Kiss the Moon
Kiss the Moon has what many romantic suspense novels are missing – romance and suspense. You don’t have to read half the book before the hero and heroine meet. The main characters meet early on, and though they don’t always work together, they both try to unearth the truth. Kiss the Moon is more than just an exciting read, though; the reader really comes to care about the characters.
In the woods near Cold Spring, New Hampshire, Penelope Chestnut finds the remains of a small plane. This is the plane in which Colt Sinclair, an heir to a fortune, ran away with Frannie Beaudine 45 years ago. Penelope announces her discovery to the media, but for reasons of her own, she takes back her claim. Unfortunately, few people believe her retraction. Wyatt Sinclair, the nephew of Colt Sinclair, is among the doubters. He comes to Cold Spring to find out what happened to his uncle. Wyatt is sure Penelope found the plane. So why did she retract her discovery? Is she trying to protect someone? Then someone starts sending threatening notes to Penelope. Meanwhile, Penelope’s father grounds her from flying (he owns the small company she works for), and she’s at her wit’s end. On top of all this she must also cope with her growing attraction to Wyatt Sinclair.
Penelope’s impulsive nature sometimes places her in danger. Yet unlike the characters in so many other romantic suspense novels, she shows common sense. When she gets a threatening note, Penelope has the sense to be scared. Both Penelope and Wyatt are reluctant to trust each other, but at times Penelope’s judgement of Wyatt seems unreasonable. She is prepared to distrust him from the start just because he is a Sinclair. But she bristles at Wyatt for things she herself is guilty of doing. For example, she gets upset at him for searching her house, yet she was prepared to search his room. But to be fair, Wyatt is also leery about love.
The secondary characters flesh out this book. In particular, Penelope’s cousin, Harriet, generates reader sympathy. As a baby, Harriet was left on the doorstep of the local church shortly after Colt and Frannie went missing. Since she was young, Harriet has fantasized about being their child. Is her fantasy of being a Sinclair simply a pathetic dream? Though Harriet proves herself to be a strong woman as she runs the local inn, she still feels inadequate. Her self-doubt is heartbreaking.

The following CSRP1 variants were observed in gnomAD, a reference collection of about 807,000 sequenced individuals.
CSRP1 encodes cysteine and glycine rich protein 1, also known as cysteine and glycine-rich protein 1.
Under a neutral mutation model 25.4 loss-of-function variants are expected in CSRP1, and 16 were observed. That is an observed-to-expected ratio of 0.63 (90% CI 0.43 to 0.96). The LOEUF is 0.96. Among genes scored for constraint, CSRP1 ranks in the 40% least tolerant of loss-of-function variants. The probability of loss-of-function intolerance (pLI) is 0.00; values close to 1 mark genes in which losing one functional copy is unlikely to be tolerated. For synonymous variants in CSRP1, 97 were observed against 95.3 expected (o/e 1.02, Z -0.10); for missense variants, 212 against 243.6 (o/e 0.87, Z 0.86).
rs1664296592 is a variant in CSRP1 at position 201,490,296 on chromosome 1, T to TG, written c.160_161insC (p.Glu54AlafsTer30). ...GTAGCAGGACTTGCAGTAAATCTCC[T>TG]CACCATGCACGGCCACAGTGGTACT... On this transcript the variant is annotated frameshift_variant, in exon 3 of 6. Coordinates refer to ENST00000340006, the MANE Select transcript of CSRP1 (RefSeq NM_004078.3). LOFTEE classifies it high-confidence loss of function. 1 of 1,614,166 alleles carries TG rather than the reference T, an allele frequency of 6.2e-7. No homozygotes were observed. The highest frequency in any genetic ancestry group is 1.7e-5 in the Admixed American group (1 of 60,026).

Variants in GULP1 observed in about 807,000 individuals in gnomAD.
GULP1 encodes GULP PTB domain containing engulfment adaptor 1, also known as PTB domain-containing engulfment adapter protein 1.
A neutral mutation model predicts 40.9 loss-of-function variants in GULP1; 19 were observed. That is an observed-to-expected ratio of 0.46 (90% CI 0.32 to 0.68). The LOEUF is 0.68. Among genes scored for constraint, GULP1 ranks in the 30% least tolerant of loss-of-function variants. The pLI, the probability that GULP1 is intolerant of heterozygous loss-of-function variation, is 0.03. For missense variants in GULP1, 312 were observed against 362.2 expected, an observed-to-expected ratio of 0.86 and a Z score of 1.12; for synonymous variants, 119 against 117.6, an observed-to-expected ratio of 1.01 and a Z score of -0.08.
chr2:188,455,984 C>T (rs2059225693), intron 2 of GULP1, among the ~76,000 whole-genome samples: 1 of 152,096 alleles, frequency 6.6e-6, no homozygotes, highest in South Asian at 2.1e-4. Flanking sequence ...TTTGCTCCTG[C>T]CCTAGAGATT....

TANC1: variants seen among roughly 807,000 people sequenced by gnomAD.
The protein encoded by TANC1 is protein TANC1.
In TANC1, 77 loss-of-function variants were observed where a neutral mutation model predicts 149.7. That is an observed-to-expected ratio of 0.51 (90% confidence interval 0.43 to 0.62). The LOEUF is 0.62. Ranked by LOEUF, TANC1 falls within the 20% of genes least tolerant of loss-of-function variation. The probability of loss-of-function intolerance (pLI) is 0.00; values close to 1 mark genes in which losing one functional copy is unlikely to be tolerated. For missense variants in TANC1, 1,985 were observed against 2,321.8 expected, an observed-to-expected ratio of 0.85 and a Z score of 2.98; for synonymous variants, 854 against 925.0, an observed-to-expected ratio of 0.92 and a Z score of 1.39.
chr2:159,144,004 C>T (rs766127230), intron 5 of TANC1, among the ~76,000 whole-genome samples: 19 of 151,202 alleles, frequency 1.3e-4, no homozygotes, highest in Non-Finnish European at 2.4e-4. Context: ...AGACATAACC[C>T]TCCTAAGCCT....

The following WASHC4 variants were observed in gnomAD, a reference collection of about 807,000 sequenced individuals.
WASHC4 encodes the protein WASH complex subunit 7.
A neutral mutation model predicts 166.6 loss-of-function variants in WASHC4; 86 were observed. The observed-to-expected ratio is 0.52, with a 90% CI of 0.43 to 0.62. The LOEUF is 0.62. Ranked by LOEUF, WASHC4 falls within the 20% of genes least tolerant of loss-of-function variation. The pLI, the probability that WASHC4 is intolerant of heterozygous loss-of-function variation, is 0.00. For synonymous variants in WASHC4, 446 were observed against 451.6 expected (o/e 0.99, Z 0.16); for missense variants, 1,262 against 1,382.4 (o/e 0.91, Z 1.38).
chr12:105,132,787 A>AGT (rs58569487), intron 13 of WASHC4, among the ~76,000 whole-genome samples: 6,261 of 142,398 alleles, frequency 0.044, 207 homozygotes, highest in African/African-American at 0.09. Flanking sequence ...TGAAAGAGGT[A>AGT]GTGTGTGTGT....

The plot progressed logically, yet it was never dull. Mysterious incidents and dangerous goings-on heated up the suspense. The ending was a little too melodramatic compared to what had gone on before. Still, along the way, there were plenty of surprises.
Setting and background combined to enrich this novel. Besides flying small planes, Penelope and others made maple sugar. Penelope could often be found on a hike, checking the taps. Penelope’s isolated lakeside cabin also figured prominently in the plot. Besides enhancing the setting, the secluded location increased the suspense. Yet the suspense didn’t overwhelm the plot; Carla Negger’s witty style kept this book from being a downer.
Kiss the Moon is the first original Mira novel I have enjoyed. If you’ve read other Mira novels and thought they were “woman’s fiction” instead of romance, rest assured that this isn’t like those books. While the suspense plot is a strong part of this book, it is still a novel about two people falling in love, even if they are dragged into the relationship kicking and screaming.